Michael MacCambridge's 2004 America's Game: The Epic Story of How Pro Football Captured a Nation:
Though the Broncos would lose to the Giants, 39-20, in the Super Bowl, Elway's exploits would go down as the benchmark in a new chapter of the mystique of the quarterback. The change had begin in the '70s, largely in the escapability and leadership of Roger Staubach, whose persona exuded none of the battle-of-the-wits aura of a Unitas or Namath. Most prized was the sense of leading a team, not with cleverness so much as with poise and will, out of a series of crises and into the promised land. It was personified by Staubach's scrambling, and the on-the-move improvisational skills of Joe Montana. And though others would lead nearly as many comebacks, it was Elway who elevated this daredevilry to a kind of exalted art form.
It was not as though wits weren't required in the new setup. Defenses were more complex than ever, and the chore of reading those defenses and divining those disguises still fell on the quarterback's shoulders. But when the actual act of calling the plays reverted to coaches and coordinators, then the quality most prized in quarterbacks went from craftiness (like Unitas's innate, confounding ability to call a play that was different from what the defense thought he would call) to composure (like Elway's joking with teammates prior to The Drive, or Joe Montana, absurdly cool under pressure, looking at the clock with 2:00 left in Super Bowl XXIII and asking his huddled offensive teammates, during a TV timeout, "Isn't that John Candy in the stands?").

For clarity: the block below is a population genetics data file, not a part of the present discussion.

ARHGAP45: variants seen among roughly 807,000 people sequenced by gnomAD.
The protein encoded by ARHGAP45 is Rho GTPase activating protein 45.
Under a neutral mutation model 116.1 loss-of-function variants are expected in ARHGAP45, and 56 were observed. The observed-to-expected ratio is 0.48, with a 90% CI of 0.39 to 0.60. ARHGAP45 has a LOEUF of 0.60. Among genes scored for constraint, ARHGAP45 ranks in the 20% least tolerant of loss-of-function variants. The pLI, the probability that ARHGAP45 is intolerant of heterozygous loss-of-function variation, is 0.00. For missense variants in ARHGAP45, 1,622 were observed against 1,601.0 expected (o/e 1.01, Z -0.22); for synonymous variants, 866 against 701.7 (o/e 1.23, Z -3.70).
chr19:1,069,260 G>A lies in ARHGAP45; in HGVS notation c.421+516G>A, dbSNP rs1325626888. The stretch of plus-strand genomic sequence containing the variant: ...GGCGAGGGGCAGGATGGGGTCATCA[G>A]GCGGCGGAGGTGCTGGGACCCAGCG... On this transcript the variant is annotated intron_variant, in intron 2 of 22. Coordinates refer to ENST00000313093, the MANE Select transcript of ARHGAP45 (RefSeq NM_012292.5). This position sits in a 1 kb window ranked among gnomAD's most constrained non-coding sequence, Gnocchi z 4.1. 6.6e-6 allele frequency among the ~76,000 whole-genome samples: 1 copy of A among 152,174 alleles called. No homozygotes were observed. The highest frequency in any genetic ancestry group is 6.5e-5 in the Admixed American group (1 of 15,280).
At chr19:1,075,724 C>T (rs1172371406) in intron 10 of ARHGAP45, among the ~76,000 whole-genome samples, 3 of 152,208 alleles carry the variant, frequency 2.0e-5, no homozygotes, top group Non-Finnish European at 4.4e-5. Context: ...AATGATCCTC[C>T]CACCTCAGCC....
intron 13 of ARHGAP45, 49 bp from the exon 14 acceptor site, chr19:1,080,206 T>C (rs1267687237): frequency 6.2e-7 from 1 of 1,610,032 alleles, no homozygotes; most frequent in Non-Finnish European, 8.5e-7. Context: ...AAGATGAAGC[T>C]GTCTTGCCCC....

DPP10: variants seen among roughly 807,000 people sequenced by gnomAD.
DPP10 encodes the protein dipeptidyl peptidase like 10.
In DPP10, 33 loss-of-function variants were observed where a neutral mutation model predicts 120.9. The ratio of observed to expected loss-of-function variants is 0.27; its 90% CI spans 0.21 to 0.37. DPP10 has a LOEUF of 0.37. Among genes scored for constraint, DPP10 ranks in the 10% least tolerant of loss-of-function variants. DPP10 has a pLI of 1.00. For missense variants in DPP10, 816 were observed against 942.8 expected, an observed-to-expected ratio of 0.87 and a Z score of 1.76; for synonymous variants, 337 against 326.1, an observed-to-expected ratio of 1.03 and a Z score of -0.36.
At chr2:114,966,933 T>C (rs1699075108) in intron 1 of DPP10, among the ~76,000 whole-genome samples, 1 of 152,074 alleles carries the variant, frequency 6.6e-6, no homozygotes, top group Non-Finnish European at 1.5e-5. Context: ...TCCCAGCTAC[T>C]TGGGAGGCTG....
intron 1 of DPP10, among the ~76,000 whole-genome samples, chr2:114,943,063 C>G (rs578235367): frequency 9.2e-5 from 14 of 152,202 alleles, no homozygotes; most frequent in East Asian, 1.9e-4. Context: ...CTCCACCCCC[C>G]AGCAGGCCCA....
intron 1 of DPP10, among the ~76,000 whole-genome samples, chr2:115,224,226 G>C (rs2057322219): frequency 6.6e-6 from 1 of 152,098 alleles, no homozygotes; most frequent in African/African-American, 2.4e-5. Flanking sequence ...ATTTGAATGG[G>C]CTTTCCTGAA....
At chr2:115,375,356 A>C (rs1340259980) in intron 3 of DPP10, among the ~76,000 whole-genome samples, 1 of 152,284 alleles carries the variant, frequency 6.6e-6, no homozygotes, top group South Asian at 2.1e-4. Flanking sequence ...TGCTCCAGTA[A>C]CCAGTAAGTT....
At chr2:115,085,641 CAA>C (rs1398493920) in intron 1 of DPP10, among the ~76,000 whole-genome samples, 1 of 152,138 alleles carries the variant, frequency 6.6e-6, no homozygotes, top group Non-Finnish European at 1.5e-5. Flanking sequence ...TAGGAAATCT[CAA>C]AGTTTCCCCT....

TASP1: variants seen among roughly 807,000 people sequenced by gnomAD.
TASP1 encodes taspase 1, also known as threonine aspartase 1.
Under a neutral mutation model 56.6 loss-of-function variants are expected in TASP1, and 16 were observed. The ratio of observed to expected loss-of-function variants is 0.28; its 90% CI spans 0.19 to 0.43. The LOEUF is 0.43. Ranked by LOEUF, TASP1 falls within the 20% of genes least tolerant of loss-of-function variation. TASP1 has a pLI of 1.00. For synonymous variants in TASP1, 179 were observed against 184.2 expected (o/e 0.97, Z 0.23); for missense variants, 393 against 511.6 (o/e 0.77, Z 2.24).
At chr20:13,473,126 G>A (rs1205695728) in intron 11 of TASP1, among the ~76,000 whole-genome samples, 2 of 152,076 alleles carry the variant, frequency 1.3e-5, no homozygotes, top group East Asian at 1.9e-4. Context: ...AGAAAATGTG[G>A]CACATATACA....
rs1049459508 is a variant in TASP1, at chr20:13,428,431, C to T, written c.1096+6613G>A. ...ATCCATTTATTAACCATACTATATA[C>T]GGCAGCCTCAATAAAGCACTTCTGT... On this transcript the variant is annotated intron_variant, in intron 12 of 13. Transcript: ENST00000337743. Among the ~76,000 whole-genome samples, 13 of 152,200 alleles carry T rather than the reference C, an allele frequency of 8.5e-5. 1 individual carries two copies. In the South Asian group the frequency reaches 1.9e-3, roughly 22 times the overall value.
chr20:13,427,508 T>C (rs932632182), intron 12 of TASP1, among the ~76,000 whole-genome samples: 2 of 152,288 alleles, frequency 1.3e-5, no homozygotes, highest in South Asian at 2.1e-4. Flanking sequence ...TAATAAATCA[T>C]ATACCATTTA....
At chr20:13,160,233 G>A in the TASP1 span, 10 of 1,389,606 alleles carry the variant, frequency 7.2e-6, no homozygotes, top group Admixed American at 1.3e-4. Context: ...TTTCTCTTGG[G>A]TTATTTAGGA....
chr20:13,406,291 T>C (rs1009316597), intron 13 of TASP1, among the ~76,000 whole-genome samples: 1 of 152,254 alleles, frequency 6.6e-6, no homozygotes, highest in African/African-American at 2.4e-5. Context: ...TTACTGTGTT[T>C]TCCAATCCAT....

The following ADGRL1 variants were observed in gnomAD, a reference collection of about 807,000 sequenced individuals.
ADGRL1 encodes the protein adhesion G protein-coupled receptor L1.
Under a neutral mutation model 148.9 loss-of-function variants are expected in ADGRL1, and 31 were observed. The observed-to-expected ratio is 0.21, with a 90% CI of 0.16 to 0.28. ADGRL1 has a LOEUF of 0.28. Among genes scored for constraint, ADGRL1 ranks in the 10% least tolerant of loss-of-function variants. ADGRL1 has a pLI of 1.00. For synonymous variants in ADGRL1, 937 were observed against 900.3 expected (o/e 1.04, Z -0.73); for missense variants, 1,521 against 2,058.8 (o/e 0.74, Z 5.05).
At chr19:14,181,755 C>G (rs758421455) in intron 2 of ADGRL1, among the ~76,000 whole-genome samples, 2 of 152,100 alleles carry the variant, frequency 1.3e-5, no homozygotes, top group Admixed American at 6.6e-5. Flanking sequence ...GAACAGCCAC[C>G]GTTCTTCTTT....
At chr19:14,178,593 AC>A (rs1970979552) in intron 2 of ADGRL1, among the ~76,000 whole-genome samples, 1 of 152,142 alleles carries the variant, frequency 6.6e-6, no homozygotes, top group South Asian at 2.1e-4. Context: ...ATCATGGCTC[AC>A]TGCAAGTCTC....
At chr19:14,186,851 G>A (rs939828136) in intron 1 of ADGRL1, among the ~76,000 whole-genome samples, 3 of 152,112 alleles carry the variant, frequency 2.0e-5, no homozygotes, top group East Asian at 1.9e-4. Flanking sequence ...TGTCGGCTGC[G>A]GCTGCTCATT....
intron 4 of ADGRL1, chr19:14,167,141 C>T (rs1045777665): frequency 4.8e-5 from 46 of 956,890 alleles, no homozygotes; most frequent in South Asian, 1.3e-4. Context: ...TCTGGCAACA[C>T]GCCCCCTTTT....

What Schottenheimer would see, across fields from Elway for more than a decade, was this unteachable, unlearnable skill on Elway's part, the ability to keep his head when all about him were losing theirs. Teams would flush Elway from the pocket, force him toward the sideline, converge toward him, and then, in an instant, watch him stop running, set his right foot, plant his left, and peg an absurdly arcing long pass across his body and across the field to a wide-open receiver streaking open 40, 50, even 60 yards down the field on the opposite sideline. It was more acrobatic, if perhaps less intellectual than the play calling of Unitas and Namath, but the shot to the heart was just as lethal.
Tags: America's Game, Michael MacCambridge